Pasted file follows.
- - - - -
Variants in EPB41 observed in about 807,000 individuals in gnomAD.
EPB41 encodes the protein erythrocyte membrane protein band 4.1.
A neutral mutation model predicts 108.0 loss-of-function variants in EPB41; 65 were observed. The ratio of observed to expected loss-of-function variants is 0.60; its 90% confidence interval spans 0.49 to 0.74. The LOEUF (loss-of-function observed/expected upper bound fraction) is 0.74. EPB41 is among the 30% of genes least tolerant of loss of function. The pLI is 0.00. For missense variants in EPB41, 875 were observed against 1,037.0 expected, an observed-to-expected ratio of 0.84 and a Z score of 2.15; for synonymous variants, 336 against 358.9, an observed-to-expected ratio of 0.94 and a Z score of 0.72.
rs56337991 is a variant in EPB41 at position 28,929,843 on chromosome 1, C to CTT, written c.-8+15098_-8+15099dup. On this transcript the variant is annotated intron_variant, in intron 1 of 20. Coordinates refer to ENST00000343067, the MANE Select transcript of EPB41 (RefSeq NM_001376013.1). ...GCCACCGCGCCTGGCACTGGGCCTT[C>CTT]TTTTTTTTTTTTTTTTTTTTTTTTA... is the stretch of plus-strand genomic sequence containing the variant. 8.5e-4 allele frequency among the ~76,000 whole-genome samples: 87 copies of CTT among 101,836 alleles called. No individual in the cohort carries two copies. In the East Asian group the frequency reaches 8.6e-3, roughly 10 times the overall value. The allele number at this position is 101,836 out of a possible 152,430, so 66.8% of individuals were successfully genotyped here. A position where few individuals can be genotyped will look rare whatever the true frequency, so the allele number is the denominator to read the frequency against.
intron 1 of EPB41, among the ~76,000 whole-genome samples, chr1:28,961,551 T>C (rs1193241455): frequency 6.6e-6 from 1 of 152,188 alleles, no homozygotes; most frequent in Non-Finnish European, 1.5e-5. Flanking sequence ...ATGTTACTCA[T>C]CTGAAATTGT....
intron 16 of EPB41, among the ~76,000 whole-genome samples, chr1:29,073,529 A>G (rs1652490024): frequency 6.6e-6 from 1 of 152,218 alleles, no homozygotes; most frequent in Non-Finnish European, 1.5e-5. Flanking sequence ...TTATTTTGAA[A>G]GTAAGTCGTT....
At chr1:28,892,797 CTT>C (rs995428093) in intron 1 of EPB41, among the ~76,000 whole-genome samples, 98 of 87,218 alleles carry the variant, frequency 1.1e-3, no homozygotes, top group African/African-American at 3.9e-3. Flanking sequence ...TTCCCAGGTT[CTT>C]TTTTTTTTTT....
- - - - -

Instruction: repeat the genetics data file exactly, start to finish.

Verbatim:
Variants in EPB41 observed in about 807,000 individuals in gnomAD.
EPB41 encodes the protein erythrocyte membrane protein band 4.1.
A neutral mutation model predicts 108.0 loss-of-function variants in EPB41; 65 were observed. The ratio of observed to expected loss-of-function variants is 0.60; its 90% confidence interval spans 0.49 to 0.74. The LOEUF (loss-of-function observed/expected upper bound fraction) is 0.74. EPB41 is among the 30% of genes least tolerant of loss of function. The pLI is 0.00. For missense variants in EPB41, 875 were observed against 1,037.0 expected, an observed-to-expected ratio of 0.84 and a Z score of 2.15; for synonymous variants, 336 against 358.9, an observed-to-expected ratio of 0.94 and a Z score of 0.72.
rs56337991 is a variant in EPB41 at position 28,929,843 on chromosome 1, C to CTT, written c.-8+15098_-8+15099dup. On this transcript the variant is annotated intron_variant, in intron 1 of 20. Coordinates refer to ENST00000343067, the MANE Select transcript of EPB41 (RefSeq NM_001376013.1). ...GCCACCGCGCCTGGCACTGGGCCTT[C>CTT]TTTTTTTTTTTTTTTTTTTTTTTTA... is the stretch of plus-strand genomic sequence containing the variant. 8.5e-4 allele frequency among the ~76,000 whole-genome samples: 87 copies of CTT among 101,836 alleles called. No individual in the cohort carries two copies. In the East Asian group the frequency reaches 8.6e-3, roughly 10 times the overall value. The allele number at this position is 101,836 out of a possible 152,430, so 66.8% of individuals were successfully genotyped here. A position where few individuals can be genotyped will look rare whatever the true frequency, so the allele number is the denominator to read the frequency against.
intron 1 of EPB41, among the ~76,000 whole-genome samples, chr1:28,961,551 T>C (rs1193241455): frequency 6.6e-6 from 1 of 152,188 alleles, no homozygotes; most frequent in Non-Finnish European, 1.5e-5. Flanking sequence ...ATGTTACTCA[T>C]CTGAAATTGT....
intron 16 of EPB41, among the ~76,000 whole-genome samples, chr1:29,073,529 A>G (rs1652490024): frequency 6.6e-6 from 1 of 152,218 alleles, no homozygotes; most frequent in Non-Finnish European, 1.5e-5. Flanking sequence ...TTATTTTGAA[A>G]GTAAGTCGTT....
At chr1:28,892,797 CTT>C (rs995428093) in intron 1 of EPB41, among the ~76,000 whole-genome samples, 98 of 87,218 alleles carry the variant, frequency 1.1e-3, no homozygotes, top group African/African-American at 3.9e-3. Flanking sequence ...TTCCCAGGTT[CTT>C]TTTTTTTTTT....